Kim Jong-nam is Kim Jong-un's older half-brother, and the late Kim Jong-il's oldest son. By the laws of primogeniture, which we learned mostly from various Merchant Ivory films and Jane Austen novels — and which we assume to also be applicable to cruel, frightening modern dictatorships in entirely different parts of the world — Kim Jong-nam should have succeeded his father, and Kim Jong-un should have become a clergyman with a moderate annual living, somewhere in the countryside. But Kim Jong-nam is, like so many first sons before him, a bit of a dissipate wastrel. He finally screwed up his chance to rule North Korea when he snuck into Japan to visit Disneyworld and got caught. (Classic Austen plot line.)
But Disneyland is the happiest place on Earth, and North Korea is ... not. So maybe it was worth it? Only now it sounds like Kim Jong-nam is having some regrets about the consequences of his time with Mickey, writes the Slatest.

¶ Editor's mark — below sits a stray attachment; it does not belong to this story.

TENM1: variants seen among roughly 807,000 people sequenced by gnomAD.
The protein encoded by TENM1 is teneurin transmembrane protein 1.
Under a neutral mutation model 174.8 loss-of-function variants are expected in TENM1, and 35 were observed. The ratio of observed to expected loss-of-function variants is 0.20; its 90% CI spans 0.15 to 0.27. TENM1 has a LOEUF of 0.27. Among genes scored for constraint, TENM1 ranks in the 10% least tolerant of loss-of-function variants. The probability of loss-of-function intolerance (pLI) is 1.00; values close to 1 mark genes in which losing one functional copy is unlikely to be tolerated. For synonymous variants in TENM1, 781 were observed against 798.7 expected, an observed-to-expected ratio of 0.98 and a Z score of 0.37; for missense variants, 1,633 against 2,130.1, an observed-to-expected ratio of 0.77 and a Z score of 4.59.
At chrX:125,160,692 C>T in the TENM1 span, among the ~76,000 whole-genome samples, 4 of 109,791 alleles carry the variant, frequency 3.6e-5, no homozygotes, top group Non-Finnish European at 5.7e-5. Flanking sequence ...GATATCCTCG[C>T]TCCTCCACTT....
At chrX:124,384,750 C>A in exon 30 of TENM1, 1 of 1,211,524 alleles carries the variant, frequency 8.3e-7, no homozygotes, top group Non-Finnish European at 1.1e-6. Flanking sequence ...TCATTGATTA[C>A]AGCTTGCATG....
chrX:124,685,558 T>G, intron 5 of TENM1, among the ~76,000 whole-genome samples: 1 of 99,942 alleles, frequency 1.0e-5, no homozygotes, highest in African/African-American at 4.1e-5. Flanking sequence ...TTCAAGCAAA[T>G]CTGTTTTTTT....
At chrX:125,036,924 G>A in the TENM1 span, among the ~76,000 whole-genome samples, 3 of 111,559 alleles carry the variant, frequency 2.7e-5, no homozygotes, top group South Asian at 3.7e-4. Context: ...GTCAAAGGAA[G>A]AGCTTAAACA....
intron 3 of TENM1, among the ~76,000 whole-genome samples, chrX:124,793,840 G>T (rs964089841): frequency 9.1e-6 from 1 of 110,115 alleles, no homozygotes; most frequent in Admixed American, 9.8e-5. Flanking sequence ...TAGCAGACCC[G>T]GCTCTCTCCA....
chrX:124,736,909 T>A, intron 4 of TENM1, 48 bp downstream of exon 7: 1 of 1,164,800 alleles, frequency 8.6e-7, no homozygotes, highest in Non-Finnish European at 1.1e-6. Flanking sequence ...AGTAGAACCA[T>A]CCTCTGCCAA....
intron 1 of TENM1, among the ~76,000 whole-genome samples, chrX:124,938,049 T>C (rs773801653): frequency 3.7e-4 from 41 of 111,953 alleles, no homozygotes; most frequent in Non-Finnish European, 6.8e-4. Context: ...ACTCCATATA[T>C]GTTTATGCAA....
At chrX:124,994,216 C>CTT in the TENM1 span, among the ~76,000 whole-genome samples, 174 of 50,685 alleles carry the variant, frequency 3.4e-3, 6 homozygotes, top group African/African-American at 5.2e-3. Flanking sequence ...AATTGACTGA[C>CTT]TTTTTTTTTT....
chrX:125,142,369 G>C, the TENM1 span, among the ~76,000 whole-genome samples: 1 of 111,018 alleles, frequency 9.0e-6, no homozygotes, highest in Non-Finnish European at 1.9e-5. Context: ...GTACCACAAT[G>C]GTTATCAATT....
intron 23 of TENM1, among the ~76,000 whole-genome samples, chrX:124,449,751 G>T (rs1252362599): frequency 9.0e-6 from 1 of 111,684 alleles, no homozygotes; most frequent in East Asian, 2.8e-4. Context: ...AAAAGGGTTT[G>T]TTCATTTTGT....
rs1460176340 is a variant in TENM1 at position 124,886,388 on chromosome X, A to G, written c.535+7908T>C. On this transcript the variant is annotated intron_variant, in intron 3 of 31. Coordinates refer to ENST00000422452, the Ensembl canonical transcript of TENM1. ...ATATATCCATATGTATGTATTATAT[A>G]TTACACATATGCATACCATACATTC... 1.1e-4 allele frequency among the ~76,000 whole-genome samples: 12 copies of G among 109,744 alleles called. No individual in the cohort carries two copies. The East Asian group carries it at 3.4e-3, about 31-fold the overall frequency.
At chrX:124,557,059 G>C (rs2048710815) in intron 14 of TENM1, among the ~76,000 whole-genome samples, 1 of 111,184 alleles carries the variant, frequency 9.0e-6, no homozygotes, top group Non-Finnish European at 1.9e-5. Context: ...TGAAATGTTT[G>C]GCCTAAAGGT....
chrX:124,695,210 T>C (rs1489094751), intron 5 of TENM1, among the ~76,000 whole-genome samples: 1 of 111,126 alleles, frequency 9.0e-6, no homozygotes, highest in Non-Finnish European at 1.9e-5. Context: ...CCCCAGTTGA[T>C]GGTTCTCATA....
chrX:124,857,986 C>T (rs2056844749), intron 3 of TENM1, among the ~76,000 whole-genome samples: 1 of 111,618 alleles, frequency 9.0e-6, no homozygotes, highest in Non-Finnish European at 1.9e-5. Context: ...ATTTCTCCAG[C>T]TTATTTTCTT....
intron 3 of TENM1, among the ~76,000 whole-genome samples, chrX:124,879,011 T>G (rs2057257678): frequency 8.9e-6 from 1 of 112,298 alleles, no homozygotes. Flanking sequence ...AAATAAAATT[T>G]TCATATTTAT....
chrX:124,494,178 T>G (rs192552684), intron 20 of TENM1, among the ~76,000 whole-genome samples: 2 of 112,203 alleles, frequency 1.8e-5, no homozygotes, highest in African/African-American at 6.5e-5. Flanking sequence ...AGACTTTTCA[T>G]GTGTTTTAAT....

Kim Jong-nam, Kim Jong-il's eldest son and the half-brother of Kim Jong-un, doesn't think his younger sibling will succeed at his new gig as the leader of North Korea, according to a book being published in Japan this week. The book is based on interviews and emails with the eldest son over the course of seven years, and is written by Japanese journalist Yoji Gomi. Gomi told CNN that Kim Jong-nam is "not comfortable that his younger brother is succeeding the power of Kim Jong Il" and thinks that Kim Jong-un will "fail" because he "has a lack of experience, he's too young, and he didn't have enough time to be groomed."
And I just don't understand why dad loved him better than me.